News from the IOCCG


The final version of the PRESPO IOCCG Handbook of Satellite Remote Sensing Image Interpretation: Applications for Marine Living Resources Conservation and Management is now available for download from the IOCCG website at: (no hard copies, only digital files). This handbook is intended as a web-based educational/ training document oriented towards the interpretation of satellite images derived from data freely available from various space agency archives. The final version of the handbook contains 19 case studies prepared by specialists in their respective fields, and arranged in four different themes: air/water quality, phytoplankton & macroalgae, fisheries & aquaculture, and marine ecosystem characterization. The case studies demonstrate the processing, interpretation and application of a wide range of satellite data (including ocean colour data).

ChloroGIN Meeting

A meeting of the Chlorophyll Globally Integrated Network (ChloroGIN) took place at the Bedford Institute of Oceanography from 9-11 August 2011. ChloroGIN is an international network to assess the state of marine, coastal and inland-water ecosystems for the benefit of society, promoting in-water observations in synergy with ocean-colour and related satellite observations. ChloroGIN is funded by the Canadian Space Agency under the terms of the FARO Project (Fisheries Applications of Remotely-Sensed Ocean Colour).

Representatives from the various ChloroGIN nodes as well as other invited participants attended the workshop. Updates on the status of the ChloroGIN nodes were presented, i.e. Europe, Indian Ocean, Antares (Latin American node), Africa, Canada, and NE Asia, as well as global ChloroGIN. Break out discussion groups examined the feasibility of establishing a ChloroGIN-lakes node (see demonstration link on ChloroGIN website), as well as a node for SE Asia. ChloroGIN has close ties with GEO (Group on Earth Observations) and subscribes to the new transverse task on Oceans and Society: the Blue Planet, which targets the "Societal Benefit Areas" of Water, Climate, Ecosystems, Biodiversity and Agriculture. In addition, the status of a proposal submitted to GEO for expanding various ChloroGIN activities was reviewed by a representative from the GEO secretariat. Workshop participants also discussed ways of improving in situ data availability and sharing, and updates to the ChloroGIN website (hosted by the Plymouth Marine Laboratory).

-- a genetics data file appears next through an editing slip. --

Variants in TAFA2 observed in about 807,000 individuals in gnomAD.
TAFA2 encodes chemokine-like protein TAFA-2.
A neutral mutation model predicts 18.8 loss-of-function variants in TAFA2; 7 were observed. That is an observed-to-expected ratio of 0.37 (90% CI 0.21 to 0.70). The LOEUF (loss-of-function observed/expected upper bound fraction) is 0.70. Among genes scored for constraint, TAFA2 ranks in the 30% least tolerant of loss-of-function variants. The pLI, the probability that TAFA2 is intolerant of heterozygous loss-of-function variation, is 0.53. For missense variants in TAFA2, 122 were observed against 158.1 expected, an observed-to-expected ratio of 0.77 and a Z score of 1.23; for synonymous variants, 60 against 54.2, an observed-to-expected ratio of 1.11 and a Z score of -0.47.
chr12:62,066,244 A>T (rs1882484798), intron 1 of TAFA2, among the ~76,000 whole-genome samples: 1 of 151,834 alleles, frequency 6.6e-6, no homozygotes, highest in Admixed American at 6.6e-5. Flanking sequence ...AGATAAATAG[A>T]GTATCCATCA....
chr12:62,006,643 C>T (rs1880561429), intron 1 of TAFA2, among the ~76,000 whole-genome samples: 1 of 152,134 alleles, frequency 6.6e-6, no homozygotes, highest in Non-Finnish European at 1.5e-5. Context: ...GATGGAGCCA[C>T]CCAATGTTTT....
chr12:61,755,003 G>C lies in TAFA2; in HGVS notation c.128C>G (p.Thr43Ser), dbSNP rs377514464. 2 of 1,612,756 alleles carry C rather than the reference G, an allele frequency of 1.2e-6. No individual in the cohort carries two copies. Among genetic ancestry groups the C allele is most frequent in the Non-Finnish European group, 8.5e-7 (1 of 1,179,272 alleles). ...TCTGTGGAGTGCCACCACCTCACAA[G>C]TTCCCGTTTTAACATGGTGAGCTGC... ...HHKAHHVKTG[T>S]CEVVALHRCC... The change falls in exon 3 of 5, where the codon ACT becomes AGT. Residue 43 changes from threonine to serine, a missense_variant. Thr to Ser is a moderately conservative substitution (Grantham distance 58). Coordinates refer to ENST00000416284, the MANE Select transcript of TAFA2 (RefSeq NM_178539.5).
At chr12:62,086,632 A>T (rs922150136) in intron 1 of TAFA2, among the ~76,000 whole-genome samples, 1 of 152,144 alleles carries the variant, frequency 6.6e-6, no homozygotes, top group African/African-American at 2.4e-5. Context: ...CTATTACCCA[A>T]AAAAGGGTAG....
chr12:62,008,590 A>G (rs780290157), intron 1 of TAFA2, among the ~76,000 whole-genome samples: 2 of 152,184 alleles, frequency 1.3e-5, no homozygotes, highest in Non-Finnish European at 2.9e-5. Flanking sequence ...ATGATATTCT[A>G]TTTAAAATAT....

IOCCG Executive Meeting

A meeting of the IOCCG Executive Committee took place from 8-9 September 2011 at the Laboratoire d’Océanographie de Villefranche (LOV) in Villefranche-sur-Mer, France. The Executive Committee discussed various pressing matters including:

  • preparation of a White Paper for the INSITU OCR (International Network for Sensor InTercomparison and Uncertainty assessment for Ocean Colour Radiometry) related to the inter-agency effort for sensor inter-comparison and uncertainty assessment of datasets required for ECV (Essential Climate Variable) generation,
  • revising the IOCCG strategy document for Climate Data Records (CDRs),
  • preparing the terms of reference for an IOCCG standing working group to assess Essential Climate Variables,
  • preparations for an IOCCG Community Consultation Meeting,
  • plans for an IOCCG Summer Lecture Series (July 2012, Villefranche-sur-Mer, France).
In addition the status of the IOCCG working group on ""Mission requirements for future ocean colour sensors" (chaired by NASA) was discussed as well as its contributions to the CEOS Ocean Colour Radiometry Virtual Constellation (OCR-VC).